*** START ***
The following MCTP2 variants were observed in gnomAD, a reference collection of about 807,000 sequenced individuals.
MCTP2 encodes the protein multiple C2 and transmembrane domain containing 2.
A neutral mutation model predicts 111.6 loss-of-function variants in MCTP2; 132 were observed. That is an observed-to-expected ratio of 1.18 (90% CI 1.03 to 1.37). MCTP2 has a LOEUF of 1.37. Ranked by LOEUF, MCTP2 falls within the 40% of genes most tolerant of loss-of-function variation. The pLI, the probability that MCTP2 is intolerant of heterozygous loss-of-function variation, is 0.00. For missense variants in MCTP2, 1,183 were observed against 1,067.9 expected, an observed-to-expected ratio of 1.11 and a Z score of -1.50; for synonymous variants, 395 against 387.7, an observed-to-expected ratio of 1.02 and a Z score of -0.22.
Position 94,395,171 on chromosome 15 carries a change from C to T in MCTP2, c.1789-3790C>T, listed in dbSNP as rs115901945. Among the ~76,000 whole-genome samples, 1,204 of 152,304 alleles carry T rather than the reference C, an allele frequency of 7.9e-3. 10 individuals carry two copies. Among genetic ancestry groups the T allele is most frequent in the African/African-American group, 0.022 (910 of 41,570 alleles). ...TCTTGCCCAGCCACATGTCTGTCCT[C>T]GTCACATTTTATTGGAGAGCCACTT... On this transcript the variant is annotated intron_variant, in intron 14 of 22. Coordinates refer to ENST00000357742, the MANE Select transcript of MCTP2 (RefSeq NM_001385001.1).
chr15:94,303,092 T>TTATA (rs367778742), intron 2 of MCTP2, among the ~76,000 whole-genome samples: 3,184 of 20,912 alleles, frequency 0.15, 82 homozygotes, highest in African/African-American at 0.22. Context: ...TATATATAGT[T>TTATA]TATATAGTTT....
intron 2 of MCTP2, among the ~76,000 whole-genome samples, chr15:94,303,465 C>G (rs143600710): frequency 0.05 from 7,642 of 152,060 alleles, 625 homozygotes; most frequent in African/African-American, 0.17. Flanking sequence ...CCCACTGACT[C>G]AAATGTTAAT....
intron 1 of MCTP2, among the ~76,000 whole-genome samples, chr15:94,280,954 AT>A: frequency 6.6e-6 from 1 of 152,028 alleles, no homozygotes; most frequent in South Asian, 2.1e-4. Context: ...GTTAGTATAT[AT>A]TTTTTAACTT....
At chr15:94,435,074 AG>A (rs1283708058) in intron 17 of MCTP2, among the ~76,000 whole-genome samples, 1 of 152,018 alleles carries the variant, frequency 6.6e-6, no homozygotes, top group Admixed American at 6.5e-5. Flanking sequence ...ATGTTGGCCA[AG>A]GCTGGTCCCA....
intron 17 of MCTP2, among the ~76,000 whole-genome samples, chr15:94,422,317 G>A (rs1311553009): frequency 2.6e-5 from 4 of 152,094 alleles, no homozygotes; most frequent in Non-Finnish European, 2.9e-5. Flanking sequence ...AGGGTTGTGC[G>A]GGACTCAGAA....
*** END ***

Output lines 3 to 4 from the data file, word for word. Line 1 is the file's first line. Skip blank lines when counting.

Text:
A neutral mutation model predicts 111.6 loss-of-function variants in MCTP2; 132 were observed. That is an observed-to-expected ratio of 1.18 (90% CI 1.03 to 1.37). MCTP2 has a LOEUF of 1.37. Ranked by LOEUF, MCTP2 falls within the 40% of genes most tolerant of loss-of-function variation. The pLI, the probability that MCTP2 is intolerant of heterozygous loss-of-function variation, is 0.00. For missense variants in MCTP2, 1,183 were observed against 1,067.9 expected, an observed-to-expected ratio of 1.11 and a Z score of -1.50; for synonymous variants, 395 against 387.7, an observed-to-expected ratio of 1.02 and a Z score of -0.22.
Position 94,395,171 on chromosome 15 carries a change from C to T in MCTP2, c.1789-3790C>T, listed in dbSNP as rs115901945. Among the ~76,000 whole-genome samples, 1,204 of 152,304 alleles carry T rather than the reference C, an allele frequency of 7.9e-3. 10 individuals carry two copies. Among genetic ancestry groups the T allele is most frequent in the African/African-American group, 0.022 (910 of 41,570 alleles). ...TCTTGCCCAGCCACATGTCTGTCCT[C>T]GTCACATTTTATTGGAGAGCCACTT... On this transcript the variant is annotated intron_variant, in intron 14 of 22. Coordinates refer to ENST00000357742, the MANE Select transcript of MCTP2 (RefSeq NM_001385001.1).